package Boss;
    use Employee;        # :-)
    @ISA = qw(Employee);  

And here's the test program:

 
    #!/usr/bin/perl -w
    use strict;
    use Boss;
    Boss->debug(1);

    my $boss = Boss->new();

    $boss->fullname->title("Don");
    $boss->fullname->surname("Pichon Alvarez");
    $boss->fullname->christian("Federico Jesus");
    $boss->fullname->nickname("Fred");

    $boss->age(47);
    $boss->peers("Frank", "Felipe", "Faust");

    printf "%s is age %d.\n", $boss->fullname, $boss->age;
    printf "His peers are: %s\n", join(", ", $boss->peers);  

Running it, we see that we're still ok. If you'd like to dump out your object in a nice format, somewhat like the way the 'x' command works in the debugger, you could use the Data::Dumper module from CPAN this way:

 
    use Data::Dumper;
    print "Here's the boss:\n";
    print Dumper($boss);  

Which shows us something like this:

 
    Here's the boss:
    $VAR1 = bless( {
	 _CENSUS => \1,
	 FULLNAME => bless( {
			      TITLE => 'Don',
			      SURNAME => 'Pichon Alvarez',
			      NICK => 'Fred',
			      CHRISTIAN => 'Federico Jesus'
			    }, 'Fullname' ),
	 AGE => 47,
	 PEERS => [
		    'Frank',
		    'Felipe',
		    'Faust'
		  ]
       }, 'Boss' );  

Hm.... something's missing there. What about the salary, start date, and ID fields? Well, we never set them to anything, even undef, so they don't show up in the hash's keys. The Employee class has no new() method of its own, and the new() method in Person doesn't know about Employees. (Nor should it: proper OO design dictates that a subclass be allowed to know about its immediate superclass, but never vice-versa.) So let's fix up Employee::new() this way:

 
    sub new {
        my $proto = shift;
        my $class = ref($proto) || $proto;
        my $self  = $class->SUPER::new();
        $self->{SALARY}        = undef;
        $self->{ID}            = undef;
        $self->{START_DATE}    = undef;
        bless ($self, $class);          # reconsecrate
        return $self;
    }  

Now if you dump out an Employee or Boss object, you'll find that new fields show up there now.

Multiple Inheritance

Ok, at the risk of confusing beginners and annoying OO gurus, it's time to confess that Perl's object system includes that controversial notion known as multiple inheritance, or MI for short. All this means is that rather than having just one parent class who in turn might itself have a parent class, etc., that you can directly inherit from two or more parents. It's true that some uses of MI can get you into trouble, although hopefully not quite so much trouble with Perl as with dubiously-OO languages like C++.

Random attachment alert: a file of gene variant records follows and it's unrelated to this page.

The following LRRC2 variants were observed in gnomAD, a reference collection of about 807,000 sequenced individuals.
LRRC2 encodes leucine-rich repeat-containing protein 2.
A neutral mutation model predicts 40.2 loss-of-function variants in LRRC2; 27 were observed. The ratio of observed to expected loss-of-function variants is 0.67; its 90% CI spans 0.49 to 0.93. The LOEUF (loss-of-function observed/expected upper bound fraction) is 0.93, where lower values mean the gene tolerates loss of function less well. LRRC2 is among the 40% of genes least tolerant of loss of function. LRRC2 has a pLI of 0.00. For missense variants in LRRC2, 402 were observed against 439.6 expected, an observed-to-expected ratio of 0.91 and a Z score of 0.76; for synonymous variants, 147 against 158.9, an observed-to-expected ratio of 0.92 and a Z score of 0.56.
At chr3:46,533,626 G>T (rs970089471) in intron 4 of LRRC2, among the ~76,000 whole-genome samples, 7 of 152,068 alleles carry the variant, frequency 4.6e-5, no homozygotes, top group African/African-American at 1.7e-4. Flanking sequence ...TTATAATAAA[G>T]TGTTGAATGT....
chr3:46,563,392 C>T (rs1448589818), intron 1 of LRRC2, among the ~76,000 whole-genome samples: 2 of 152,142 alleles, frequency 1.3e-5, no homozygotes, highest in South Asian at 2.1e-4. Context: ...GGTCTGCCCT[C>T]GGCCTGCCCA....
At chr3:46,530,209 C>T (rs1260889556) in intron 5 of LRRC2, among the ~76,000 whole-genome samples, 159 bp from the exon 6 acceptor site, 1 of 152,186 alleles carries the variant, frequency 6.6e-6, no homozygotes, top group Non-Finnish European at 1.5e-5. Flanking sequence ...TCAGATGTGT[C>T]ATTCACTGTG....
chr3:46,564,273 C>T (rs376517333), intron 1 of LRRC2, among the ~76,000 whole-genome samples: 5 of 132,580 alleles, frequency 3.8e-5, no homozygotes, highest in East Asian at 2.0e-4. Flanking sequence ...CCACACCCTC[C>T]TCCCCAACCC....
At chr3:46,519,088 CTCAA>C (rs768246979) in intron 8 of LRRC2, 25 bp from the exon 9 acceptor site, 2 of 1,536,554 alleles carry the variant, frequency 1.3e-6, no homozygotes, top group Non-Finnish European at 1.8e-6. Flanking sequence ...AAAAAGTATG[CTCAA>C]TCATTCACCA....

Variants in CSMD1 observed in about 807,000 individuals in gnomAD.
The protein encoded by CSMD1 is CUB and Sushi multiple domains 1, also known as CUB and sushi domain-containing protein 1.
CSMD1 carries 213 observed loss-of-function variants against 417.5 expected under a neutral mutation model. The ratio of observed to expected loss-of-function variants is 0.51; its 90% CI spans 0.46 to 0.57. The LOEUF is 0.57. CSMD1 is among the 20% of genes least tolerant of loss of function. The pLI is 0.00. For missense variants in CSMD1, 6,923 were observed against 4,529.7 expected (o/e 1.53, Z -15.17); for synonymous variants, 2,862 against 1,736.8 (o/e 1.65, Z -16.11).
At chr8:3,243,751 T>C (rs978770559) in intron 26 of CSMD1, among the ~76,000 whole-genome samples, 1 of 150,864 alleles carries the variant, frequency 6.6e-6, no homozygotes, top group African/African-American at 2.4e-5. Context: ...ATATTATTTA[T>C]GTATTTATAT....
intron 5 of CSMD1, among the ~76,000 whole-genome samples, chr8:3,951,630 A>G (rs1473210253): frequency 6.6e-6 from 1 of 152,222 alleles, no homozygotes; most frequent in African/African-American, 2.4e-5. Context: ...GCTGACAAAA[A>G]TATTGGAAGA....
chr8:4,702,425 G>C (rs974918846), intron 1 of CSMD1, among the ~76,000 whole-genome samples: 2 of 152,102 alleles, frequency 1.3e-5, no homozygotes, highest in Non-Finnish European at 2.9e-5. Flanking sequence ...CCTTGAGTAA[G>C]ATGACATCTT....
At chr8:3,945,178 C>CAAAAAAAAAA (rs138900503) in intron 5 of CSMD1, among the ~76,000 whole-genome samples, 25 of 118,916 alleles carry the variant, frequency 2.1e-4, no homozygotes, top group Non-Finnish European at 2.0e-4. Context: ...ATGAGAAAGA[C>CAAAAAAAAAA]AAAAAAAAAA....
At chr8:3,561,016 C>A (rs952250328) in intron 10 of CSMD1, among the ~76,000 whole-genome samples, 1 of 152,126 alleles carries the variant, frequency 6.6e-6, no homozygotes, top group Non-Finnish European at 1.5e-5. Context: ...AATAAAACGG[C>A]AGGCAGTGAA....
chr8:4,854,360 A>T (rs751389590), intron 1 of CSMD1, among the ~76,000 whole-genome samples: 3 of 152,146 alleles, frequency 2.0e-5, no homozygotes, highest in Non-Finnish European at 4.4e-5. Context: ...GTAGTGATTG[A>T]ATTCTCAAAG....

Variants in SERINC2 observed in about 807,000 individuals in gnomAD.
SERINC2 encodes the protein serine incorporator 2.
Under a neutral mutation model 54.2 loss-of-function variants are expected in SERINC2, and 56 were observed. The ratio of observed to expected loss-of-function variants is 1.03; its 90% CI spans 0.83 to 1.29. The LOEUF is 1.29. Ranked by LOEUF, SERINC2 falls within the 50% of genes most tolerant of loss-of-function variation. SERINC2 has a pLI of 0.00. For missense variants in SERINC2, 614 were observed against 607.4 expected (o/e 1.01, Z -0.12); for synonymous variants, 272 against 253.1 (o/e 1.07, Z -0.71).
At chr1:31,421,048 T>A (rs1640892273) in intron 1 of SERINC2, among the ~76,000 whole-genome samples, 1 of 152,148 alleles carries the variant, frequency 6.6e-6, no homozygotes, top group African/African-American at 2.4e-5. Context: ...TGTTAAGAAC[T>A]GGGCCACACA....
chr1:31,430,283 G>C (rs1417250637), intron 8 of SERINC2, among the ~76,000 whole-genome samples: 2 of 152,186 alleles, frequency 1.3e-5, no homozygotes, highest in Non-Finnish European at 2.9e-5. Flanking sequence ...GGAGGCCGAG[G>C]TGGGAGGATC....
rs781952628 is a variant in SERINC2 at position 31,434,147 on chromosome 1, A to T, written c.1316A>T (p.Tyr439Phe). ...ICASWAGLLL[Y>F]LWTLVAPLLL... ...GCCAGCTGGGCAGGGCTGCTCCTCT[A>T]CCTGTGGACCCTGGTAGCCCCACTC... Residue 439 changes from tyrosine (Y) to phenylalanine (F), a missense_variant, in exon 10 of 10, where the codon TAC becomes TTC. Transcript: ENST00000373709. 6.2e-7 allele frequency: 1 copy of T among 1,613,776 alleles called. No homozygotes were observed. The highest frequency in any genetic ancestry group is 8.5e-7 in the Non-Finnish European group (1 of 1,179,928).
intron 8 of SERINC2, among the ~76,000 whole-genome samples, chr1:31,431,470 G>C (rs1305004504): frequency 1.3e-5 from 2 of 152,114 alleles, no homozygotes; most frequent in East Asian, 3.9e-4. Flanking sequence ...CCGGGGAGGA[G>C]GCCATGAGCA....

The way it works is actually pretty simple: just put more than one package name in your @ISA array. When it comes time for Perl to go finding methods for your object, it looks at each of these packages in order. Well, kinda. It's actually a fully recursive, depth-first order. Consider a bunch of @ISA arrays like this:

 
    @First::ISA    = qw( Alpha );
    @Second::ISA   = qw( Beta );
    @Third::ISA    = qw( First Second );  

If you have an object of class Third:

 
    my $ob = Third->new();
    $ob->spin();  

How do we find a spin() method (or a new() method for that matter)? Because the search is depth-first, classes will be looked up in the following order: Third, First, Alpha, Second, and Beta.

In practice, few class modules have been seen that actually make use of MI. One nearly always chooses simple containership of one class within another over MI. That's why our Person object contained a Fullname object. That doesn't mean it was one.

However, there is one particular area where MI in Perl is rampant: borrowing another class's class methods. This is rather common, especially with some bundled "objectless" classes, like Exporter, DynaLoader, AutoLoader, and SelfLoader. These classes do not provide constructors; they exist only so you may inherit their class methods. (It's not entirely clear why inheritance was done here rather than traditional module importation.)